Coalition demands a Fair Deal on copyright in the TPP
To the government representatives behind the Trans-Pacific Partnership Agreement (TPP):
Text from the TPP Intellectual Property Rights chapter recently released by Wikileaks confirms the Fair Deal Coalition’s fears that the TPP would indeed limit the open Internet, access to knowledge, economic opportunity and fundamental rights, if a number of proposed copyright provisions were agreed to.
To ensure A Fair Deal for all countries and stakeholders, we ask that:
- The term of copyright should be determined by a country’s domestic laws and the international agreements they have agreed to. The TPP should not force countries to extend copyright terms; countries should be encouraged to promote a rich public domain, not required to shrink it. Copyright terms that are too long can discourage access to information and innovation, and inadvertently prevent the re-discovery of out-of-print or unused works.
- Countries should agree to international exhaustion of rights. The TPP should lower trade barriers, not raise them, but provisions in the leaked chapter would give rightsholders the power to prevent parallel imports of their works. Parallel imports decrease the price and increase the availability of copyright works and should be permitted.
- Fair and genuine uses of copyright works should not be blocked by digital locks. Proposals relating to digital locks (also known as technological protection measures or TPMs) would conflict with uses of copyright works otherwise permitted by law. For instance, digital locks should not be used to prevent the blind from accessing copyright works, nor should they block reasonable access to educational materials or reduce consumer choice. TPM laws for the 21st century should be adaptable to a rapidly evolving digital environment and allow fair uses of works.
- Access to the Internet should be promoted as fundamental to participating in 21st century society. Trade agreements must not require termination of Internet access for infringement of copyright. The United Nations has recognised the importance of the Internet to human rights1. Termination of Internet access to a household or business would cut off occupants from education, employment, health services, government information, and social engagement.
In summary, we encourage:
- The promotion of access to knowledge, innovation, and economic opportunity.
- Respect for fundamental rights like due process, privacy, and free speech.
- Recognition of the realities and opportunities of the Internet.
Who we are
Between us we represent the interests of Internet users, schools, universities, artists, libraries and archives, the visually-impaired, consumers, information technology firms, Internet businesses, and those who believe in the power of open source software and the open Internet as a driving force for innovation, development and socially responsible economic growth. We include industry groups, digital rights advocates, academics and human rights organisations.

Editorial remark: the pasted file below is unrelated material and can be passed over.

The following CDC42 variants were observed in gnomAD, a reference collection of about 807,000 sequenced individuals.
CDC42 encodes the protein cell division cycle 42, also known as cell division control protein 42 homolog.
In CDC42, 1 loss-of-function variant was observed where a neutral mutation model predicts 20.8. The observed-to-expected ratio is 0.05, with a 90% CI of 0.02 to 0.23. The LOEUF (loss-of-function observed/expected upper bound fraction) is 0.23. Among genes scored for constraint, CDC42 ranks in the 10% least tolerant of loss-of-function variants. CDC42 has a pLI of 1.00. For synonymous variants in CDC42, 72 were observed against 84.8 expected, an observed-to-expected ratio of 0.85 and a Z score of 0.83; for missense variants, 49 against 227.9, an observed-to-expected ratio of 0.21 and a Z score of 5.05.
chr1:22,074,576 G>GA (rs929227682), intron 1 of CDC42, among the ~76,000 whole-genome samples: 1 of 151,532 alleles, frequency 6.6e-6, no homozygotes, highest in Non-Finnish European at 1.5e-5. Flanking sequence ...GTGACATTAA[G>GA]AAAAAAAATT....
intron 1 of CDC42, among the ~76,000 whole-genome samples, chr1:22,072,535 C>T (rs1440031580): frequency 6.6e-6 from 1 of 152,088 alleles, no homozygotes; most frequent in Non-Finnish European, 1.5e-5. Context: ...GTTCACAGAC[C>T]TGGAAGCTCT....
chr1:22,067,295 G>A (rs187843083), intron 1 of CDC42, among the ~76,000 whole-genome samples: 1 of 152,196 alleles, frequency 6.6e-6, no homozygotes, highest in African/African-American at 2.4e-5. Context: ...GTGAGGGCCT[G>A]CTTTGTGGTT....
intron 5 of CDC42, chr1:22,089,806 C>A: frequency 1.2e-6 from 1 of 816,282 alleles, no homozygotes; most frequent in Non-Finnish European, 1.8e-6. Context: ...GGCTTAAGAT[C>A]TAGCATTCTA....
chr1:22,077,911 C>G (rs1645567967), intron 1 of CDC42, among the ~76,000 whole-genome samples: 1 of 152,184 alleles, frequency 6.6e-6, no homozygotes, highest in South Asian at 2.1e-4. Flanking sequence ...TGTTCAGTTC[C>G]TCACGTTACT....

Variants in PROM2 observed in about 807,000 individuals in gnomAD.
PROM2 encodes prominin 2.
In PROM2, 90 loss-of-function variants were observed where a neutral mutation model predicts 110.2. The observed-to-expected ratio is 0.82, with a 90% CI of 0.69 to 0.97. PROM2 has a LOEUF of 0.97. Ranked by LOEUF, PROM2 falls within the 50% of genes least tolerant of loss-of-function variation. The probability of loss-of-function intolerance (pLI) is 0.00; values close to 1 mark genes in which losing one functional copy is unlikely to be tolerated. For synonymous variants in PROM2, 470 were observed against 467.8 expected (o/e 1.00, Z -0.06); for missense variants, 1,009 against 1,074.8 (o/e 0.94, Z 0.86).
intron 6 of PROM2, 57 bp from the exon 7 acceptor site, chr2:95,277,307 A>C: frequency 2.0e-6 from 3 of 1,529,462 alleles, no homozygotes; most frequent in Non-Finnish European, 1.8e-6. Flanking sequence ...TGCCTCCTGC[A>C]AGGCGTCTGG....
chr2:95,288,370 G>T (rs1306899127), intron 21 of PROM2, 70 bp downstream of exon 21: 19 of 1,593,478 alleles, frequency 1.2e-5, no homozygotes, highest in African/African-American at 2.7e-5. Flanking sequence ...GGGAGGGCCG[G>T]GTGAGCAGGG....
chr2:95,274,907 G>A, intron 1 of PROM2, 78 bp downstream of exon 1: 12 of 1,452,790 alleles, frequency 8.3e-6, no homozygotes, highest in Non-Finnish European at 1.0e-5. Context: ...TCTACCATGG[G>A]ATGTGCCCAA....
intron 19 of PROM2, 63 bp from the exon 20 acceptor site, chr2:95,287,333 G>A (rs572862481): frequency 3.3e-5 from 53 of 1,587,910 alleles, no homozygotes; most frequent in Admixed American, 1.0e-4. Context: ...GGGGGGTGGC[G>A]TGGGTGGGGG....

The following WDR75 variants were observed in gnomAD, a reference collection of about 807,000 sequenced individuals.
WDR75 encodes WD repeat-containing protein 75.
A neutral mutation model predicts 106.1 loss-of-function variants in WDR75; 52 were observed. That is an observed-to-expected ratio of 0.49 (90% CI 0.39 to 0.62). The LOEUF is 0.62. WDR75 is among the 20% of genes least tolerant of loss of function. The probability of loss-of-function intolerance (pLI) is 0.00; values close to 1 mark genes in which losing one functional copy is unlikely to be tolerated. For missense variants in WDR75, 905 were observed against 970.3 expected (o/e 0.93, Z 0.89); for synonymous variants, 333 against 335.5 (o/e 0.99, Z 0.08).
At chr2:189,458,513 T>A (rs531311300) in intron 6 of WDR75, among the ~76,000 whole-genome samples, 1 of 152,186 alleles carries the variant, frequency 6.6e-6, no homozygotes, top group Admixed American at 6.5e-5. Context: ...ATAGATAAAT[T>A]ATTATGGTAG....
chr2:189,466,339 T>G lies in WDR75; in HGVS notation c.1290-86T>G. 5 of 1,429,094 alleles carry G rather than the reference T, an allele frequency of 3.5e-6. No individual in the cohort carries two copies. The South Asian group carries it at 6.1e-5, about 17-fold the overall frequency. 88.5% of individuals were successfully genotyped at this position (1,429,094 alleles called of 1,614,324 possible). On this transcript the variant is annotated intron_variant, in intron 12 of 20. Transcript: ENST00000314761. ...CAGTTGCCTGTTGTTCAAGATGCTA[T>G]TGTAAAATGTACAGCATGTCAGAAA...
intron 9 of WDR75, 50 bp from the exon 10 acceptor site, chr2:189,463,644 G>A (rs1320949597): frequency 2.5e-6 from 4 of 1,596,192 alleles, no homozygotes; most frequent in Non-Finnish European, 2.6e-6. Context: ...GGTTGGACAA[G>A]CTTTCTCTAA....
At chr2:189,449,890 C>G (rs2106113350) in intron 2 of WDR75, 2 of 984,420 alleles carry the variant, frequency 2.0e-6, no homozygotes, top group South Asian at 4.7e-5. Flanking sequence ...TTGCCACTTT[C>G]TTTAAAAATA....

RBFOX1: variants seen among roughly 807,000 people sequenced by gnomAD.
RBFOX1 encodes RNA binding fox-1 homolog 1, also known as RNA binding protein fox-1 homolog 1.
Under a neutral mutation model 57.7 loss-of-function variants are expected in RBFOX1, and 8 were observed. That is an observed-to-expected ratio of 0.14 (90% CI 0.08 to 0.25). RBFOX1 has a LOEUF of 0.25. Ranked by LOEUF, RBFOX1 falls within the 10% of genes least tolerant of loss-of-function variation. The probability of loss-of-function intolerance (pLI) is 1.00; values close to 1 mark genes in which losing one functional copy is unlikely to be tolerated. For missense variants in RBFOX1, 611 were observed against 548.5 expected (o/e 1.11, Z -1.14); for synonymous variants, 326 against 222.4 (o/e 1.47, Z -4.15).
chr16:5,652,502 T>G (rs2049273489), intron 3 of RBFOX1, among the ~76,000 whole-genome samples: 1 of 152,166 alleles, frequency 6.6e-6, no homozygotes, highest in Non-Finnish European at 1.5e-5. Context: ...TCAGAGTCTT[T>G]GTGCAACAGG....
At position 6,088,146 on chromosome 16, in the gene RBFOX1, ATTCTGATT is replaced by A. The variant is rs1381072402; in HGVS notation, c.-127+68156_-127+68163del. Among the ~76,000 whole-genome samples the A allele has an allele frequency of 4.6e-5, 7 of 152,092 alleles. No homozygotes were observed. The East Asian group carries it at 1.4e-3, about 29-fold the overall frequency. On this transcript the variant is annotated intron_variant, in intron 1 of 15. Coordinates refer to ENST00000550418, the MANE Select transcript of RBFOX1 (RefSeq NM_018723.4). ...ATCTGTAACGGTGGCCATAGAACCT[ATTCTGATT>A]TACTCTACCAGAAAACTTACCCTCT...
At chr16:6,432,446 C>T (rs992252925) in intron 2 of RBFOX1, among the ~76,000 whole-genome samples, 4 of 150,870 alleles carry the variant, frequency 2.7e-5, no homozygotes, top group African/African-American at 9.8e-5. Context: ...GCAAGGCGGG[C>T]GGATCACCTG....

We, the undersigned organizations, ask for A Fair Deal on copyright in the TPP. As a coalition representing a diversity of interests, we call on TPP parties to reject copyright proposals that would limit the open internet, access to knowledge, economic opportunity and fundamental rights.
As a group we are diverse, but we share one thing in common: We seek appropriately-balanced intellectual property laws that enable many sectors of society to conduct business, access information, educate, and innovate. You can learn more about the International Fair Deal coalition and its members at: http://ourfairdeal.org/#/About_Us
Members of the Fair Deal coalition include:
Affinity Bridge, Article 19, Australian Digital Alliance, Australian Library & Information Association, Association for Progressive Communications, Internet New Zealand, BCFIPA, The Canadian Internet Policy and Public Interest Clinic, Consumers International, Council of Canadians, Creative Freedom, Demand Progress, Derechos Digitales, Electronic Frontiers Australia, Electronic Frontiers Foundation, Engine.is, Fight for the Future, FreePress, Gen Why Media, Hiperderecho, Library & Information Society of New Zealand, Movements for the Internet Active Users, NZRise, NZ Open Source Society, OpenMedia.org, Public Citizen, Public Knowledge, Royal New Zealand Foundation of the Blind, Scoop, Tech Liberty New Zealand, TechDirt, Telecommunications Users Association of NZ, Tucows and TradeMe.
1. “[T]he Internet has become the key means by which individuals can exercise their right to freedom of opinion and expression, as guaranteed by Article 19 of the Universal Declaration of Human Rights and the International Covenant on Civil and Political Rights.” - Report of the Special Rapporteur on the promotion and protection of the right to freedom of opinion and expression, Frank La Rue, United Nations General Assembly, Report A/HRC/17/27 dated 16 May 2011 para 20.
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